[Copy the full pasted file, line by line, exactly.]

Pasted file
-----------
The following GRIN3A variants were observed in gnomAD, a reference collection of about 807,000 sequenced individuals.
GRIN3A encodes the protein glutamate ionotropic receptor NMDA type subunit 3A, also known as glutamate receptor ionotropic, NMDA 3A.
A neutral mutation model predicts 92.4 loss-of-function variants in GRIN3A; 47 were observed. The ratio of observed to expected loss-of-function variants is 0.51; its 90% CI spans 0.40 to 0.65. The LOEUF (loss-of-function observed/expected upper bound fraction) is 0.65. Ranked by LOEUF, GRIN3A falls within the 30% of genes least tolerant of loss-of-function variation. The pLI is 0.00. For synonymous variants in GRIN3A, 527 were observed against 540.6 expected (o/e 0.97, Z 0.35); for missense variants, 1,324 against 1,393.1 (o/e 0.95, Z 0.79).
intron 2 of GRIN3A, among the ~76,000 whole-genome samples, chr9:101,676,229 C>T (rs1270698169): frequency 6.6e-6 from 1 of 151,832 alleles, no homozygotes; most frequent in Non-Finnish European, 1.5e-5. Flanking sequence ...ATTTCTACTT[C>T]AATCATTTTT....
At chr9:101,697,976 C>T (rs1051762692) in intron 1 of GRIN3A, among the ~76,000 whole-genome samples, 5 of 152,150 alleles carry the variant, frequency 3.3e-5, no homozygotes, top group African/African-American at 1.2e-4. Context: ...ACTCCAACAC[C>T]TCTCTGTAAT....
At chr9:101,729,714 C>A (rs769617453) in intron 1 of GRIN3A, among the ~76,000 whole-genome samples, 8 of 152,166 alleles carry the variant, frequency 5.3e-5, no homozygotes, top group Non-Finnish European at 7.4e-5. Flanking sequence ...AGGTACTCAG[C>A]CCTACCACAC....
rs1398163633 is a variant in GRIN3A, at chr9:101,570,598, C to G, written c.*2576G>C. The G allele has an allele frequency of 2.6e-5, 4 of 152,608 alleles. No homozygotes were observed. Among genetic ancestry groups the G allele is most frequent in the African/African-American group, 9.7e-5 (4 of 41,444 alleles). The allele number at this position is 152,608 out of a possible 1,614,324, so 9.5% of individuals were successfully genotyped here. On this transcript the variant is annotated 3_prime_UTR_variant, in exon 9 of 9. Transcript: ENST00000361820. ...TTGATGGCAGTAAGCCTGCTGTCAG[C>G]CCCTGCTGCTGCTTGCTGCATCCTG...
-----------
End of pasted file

The following GRIN3A variants were observed in gnomAD, a reference collection of about 807,000 sequenced individuals.
GRIN3A encodes the protein glutamate ionotropic receptor NMDA type subunit 3A, also known as glutamate receptor ionotropic, NMDA 3A.
A neutral mutation model predicts 92.4 loss-of-function variants in GRIN3A; 47 were observed. The ratio of observed to expected loss-of-function variants is 0.51; its 90% CI spans 0.40 to 0.65. The LOEUF (loss-of-function observed/expected upper bound fraction) is 0.65. Ranked by LOEUF, GRIN3A falls within the 30% of genes least tolerant of loss-of-function variation. The pLI is 0.00. For synonymous variants in GRIN3A, 527 were observed against 540.6 expected (o/e 0.97, Z 0.35); for missense variants, 1,324 against 1,393.1 (o/e 0.95, Z 0.79).
intron 2 of GRIN3A, among the ~76,000 whole-genome samples, chr9:101,676,229 C>T (rs1270698169): frequency 6.6e-6 from 1 of 151,832 alleles, no homozygotes; most frequent in Non-Finnish European, 1.5e-5. Flanking sequence ...ATTTCTACTT[C>T]AATCATTTTT....
At chr9:101,697,976 C>T (rs1051762692) in intron 1 of GRIN3A, among the ~76,000 whole-genome samples, 5 of 152,150 alleles carry the variant, frequency 3.3e-5, no homozygotes, top group African/African-American at 1.2e-4. Context: ...ACTCCAACAC[C>T]TCTCTGTAAT....
At chr9:101,729,714 C>A (rs769617453) in intron 1 of GRIN3A, among the ~76,000 whole-genome samples, 8 of 152,166 alleles carry the variant, frequency 5.3e-5, no homozygotes, top group Non-Finnish European at 7.4e-5. Flanking sequence ...AGGTACTCAG[C>A]CCTACCACAC....
rs1398163633 is a variant in GRIN3A, at chr9:101,570,598, C to G, written c.*2576G>C. The G allele has an allele frequency of 2.6e-5, 4 of 152,608 alleles. No homozygotes were observed. Among genetic ancestry groups the G allele is most frequent in the African/African-American group, 9.7e-5 (4 of 41,444 alleles). The allele number at this position is 152,608 out of a possible 1,614,324, so 9.5% of individuals were successfully genotyped here. On this transcript the variant is annotated 3_prime_UTR_variant, in exon 9 of 9. Transcript: ENST00000361820. ...TTGATGGCAGTAAGCCTGCTGTCAG[C>G]CCCTGCTGCTGCTTGCTGCATCCTG...